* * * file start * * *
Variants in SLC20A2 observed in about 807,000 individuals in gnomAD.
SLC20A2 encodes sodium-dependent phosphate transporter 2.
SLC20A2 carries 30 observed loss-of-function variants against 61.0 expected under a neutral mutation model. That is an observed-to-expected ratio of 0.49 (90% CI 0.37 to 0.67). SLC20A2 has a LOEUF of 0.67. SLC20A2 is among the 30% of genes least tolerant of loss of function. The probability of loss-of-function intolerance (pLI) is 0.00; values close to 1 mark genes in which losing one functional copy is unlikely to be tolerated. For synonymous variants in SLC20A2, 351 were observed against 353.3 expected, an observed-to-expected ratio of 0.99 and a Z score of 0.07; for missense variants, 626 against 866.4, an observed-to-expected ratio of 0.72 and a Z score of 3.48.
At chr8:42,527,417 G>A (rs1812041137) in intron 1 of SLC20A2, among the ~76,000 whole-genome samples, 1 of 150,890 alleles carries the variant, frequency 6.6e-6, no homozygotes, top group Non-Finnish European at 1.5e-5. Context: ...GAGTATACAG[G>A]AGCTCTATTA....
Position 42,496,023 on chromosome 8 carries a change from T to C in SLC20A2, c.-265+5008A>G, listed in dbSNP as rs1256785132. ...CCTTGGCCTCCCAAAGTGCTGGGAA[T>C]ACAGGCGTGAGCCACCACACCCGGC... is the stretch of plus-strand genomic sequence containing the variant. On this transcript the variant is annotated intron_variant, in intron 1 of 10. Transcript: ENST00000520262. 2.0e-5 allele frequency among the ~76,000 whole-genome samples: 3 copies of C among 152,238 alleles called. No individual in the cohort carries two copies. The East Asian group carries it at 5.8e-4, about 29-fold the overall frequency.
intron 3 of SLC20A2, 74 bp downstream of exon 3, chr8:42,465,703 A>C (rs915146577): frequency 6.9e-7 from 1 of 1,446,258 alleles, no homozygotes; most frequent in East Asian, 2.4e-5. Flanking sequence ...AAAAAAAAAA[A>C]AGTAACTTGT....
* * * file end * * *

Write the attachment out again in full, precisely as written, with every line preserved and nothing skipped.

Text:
Variants in SLC20A2 observed in about 807,000 individuals in gnomAD.
SLC20A2 encodes sodium-dependent phosphate transporter 2.
SLC20A2 carries 30 observed loss-of-function variants against 61.0 expected under a neutral mutation model. That is an observed-to-expected ratio of 0.49 (90% CI 0.37 to 0.67). SLC20A2 has a LOEUF of 0.67. SLC20A2 is among the 30% of genes least tolerant of loss of function. The probability of loss-of-function intolerance (pLI) is 0.00; values close to 1 mark genes in which losing one functional copy is unlikely to be tolerated. For synonymous variants in SLC20A2, 351 were observed against 353.3 expected, an observed-to-expected ratio of 0.99 and a Z score of 0.07; for missense variants, 626 against 866.4, an observed-to-expected ratio of 0.72 and a Z score of 3.48.
At chr8:42,527,417 G>A (rs1812041137) in intron 1 of SLC20A2, among the ~76,000 whole-genome samples, 1 of 150,890 alleles carries the variant, frequency 6.6e-6, no homozygotes, top group Non-Finnish European at 1.5e-5. Context: ...GAGTATACAG[G>A]AGCTCTATTA....
Position 42,496,023 on chromosome 8 carries a change from T to C in SLC20A2, c.-265+5008A>G, listed in dbSNP as rs1256785132. ...CCTTGGCCTCCCAAAGTGCTGGGAA[T>C]ACAGGCGTGAGCCACCACACCCGGC... is the stretch of plus-strand genomic sequence containing the variant. On this transcript the variant is annotated intron_variant, in intron 1 of 10. Transcript: ENST00000520262. 2.0e-5 allele frequency among the ~76,000 whole-genome samples: 3 copies of C among 152,238 alleles called. No individual in the cohort carries two copies. The East Asian group carries it at 5.8e-4, about 29-fold the overall frequency.
intron 3 of SLC20A2, 74 bp downstream of exon 3, chr8:42,465,703 A>C (rs915146577): frequency 6.9e-7 from 1 of 1,446,258 alleles, no homozygotes; most frequent in East Asian, 2.4e-5. Flanking sequence ...AAAAAAAAAA[A>C]AGTAACTTGT....